Axillary lymph node biopsy was performed and showed nodular sclerosing type Hodgkin lymphoma (HL), and treatment with multiagent chemotherapy was recommended. Of note, during his ongoing evaluation and prior to completion of his workup, the patient did receive treatment with one cycle of bortozemib plus dexamethasone. However, after the diagnosis of HL was made, this was stopped and he was treated with adriamycin, bleomycin, vinblastine, and dacarbazine (ABVD) chemotherapy × 6 cycles administered every 4 weeks.
He tolerated treatment well, and after two cycles his pruritus completely resolved. An interim and posttreatment follow-up PET showed no residual hypermetabolic activity consistent with complete remission. Bone marrow biopsy at the completion of treatment for HL also showed a significant reduction of his monoclonal plasma cells and a significant reduction in his IgG and normalization of his B2M (Table 1). His laboratory tests are summarized in the Table 1.
Given the significant improvement in his MM, no additional MM therapy was pursued, and the patient continued active surveillance. Three years after ABVD, he did not have evidence of MM progression or recurrence of HL.
Concurrent presentation of MM and HL in the absence of prior radiation or chemotherapy is rare and limited to case reports [1–5]. These patients are usually older than 50 which is typically the second age peak for HL incidence. MM is also usually a disease of older individuals. The cell of origin for both HL and MM is the B lymphocyte and the simultaneous presentation may reflect multilineage transformation of neoplastic B cells .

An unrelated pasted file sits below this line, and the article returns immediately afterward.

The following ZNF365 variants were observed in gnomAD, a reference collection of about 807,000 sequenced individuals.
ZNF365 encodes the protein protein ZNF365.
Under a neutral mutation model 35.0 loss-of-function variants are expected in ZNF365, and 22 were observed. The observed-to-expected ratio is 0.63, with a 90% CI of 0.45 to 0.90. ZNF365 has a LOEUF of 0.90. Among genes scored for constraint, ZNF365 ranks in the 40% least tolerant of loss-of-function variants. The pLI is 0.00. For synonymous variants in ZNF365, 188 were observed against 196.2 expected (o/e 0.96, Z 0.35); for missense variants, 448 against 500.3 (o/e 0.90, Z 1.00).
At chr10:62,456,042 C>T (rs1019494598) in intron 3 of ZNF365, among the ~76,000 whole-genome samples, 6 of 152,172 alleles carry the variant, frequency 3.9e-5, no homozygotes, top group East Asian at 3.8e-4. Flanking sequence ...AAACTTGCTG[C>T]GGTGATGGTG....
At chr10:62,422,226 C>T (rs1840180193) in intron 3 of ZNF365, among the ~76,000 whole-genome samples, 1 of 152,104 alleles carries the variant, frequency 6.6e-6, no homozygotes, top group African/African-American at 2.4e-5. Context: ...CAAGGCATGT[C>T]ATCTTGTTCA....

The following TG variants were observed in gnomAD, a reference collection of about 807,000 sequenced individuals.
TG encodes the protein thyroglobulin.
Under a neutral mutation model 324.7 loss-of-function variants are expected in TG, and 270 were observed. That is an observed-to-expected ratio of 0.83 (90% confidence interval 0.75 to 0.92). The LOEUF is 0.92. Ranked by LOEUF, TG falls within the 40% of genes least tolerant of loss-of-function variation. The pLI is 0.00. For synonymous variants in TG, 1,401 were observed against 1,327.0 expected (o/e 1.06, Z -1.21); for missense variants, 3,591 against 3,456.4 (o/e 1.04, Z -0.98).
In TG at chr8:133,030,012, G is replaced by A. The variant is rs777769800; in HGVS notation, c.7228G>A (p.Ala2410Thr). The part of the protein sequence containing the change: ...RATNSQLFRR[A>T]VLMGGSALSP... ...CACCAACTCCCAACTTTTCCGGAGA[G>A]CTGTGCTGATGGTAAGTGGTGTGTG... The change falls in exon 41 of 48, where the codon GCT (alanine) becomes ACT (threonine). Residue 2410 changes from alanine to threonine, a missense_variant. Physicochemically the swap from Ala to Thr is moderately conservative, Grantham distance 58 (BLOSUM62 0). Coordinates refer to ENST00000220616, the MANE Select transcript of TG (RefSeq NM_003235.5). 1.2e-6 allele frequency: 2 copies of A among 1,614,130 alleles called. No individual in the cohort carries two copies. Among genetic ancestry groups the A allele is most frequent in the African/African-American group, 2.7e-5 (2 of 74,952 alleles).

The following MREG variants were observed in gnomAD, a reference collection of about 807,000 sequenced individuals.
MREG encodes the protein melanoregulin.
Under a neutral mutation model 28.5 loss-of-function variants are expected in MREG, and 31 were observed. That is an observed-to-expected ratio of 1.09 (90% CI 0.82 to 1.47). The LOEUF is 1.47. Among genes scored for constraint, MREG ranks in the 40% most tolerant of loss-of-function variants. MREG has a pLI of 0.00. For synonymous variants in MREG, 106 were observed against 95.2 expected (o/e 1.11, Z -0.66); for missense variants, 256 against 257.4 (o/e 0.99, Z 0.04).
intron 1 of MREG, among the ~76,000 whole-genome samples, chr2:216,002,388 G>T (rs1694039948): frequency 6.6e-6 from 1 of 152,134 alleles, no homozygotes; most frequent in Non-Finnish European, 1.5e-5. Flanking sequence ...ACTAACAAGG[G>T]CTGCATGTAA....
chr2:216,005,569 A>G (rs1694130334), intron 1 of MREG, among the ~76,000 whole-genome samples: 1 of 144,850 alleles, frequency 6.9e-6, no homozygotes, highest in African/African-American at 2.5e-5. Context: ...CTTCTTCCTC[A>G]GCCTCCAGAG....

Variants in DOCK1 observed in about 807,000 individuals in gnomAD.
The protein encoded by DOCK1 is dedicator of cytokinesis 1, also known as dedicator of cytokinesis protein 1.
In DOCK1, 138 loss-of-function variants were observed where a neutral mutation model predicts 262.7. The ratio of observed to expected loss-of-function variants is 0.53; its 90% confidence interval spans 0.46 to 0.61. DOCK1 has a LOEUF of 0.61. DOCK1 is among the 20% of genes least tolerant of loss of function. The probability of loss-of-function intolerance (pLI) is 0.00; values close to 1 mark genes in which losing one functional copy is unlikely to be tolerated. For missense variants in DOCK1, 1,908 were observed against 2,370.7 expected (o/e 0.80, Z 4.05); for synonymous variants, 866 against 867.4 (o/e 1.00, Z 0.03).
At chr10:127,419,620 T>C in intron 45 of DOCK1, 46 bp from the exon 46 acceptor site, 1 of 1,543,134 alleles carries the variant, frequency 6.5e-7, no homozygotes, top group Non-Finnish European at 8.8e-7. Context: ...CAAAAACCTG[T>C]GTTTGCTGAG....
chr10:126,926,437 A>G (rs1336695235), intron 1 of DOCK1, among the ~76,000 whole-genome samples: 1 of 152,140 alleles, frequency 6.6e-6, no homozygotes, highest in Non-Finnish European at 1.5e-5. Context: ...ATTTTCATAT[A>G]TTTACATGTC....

Case reports have linked generalized pruritus to almost every type of malignancy. In the absence of clinically evident lymphadenopathy as in our patient’s case, physicians are more likely to order diagnostic workup directed towards MM due to patient’s advanced age. However, pruritus as a manifestation of MM is exceedingly rare. It has been described in a few cases and when myeloma is associated with liver disease, amyloidosis, and renal disease [6, 7]. On the other hand, persistent generalized pruritus may be seen in up to 30% of patients with HL, particularly the nodular sclerosing type with mediastinal mass . It may predate the diagnosis by up to 5 years and was considered a B symptom from 1965 to 1971. Fever replaced pruritus as a B symptom as the latter did not have a predictable impact on survival . From a diagnostic point, increased plasma cells in the bone marrow may be seen with HL irrespective of the stage of the disease and is considered reactive, but significant bone marrow plasmacytosis is suspicious for concurrent MM . Although the initial outpatient workup for pruritus in our patient led to the diagnosis of MM, the chief complaint resolved only after diagnosis and treatment of lymphoma. Despite its rarity, it is important for physicians to consider the possibility of concurrent HL and MM particularly in older patients who present with symptoms such as pruritus that are atypical for myeloma.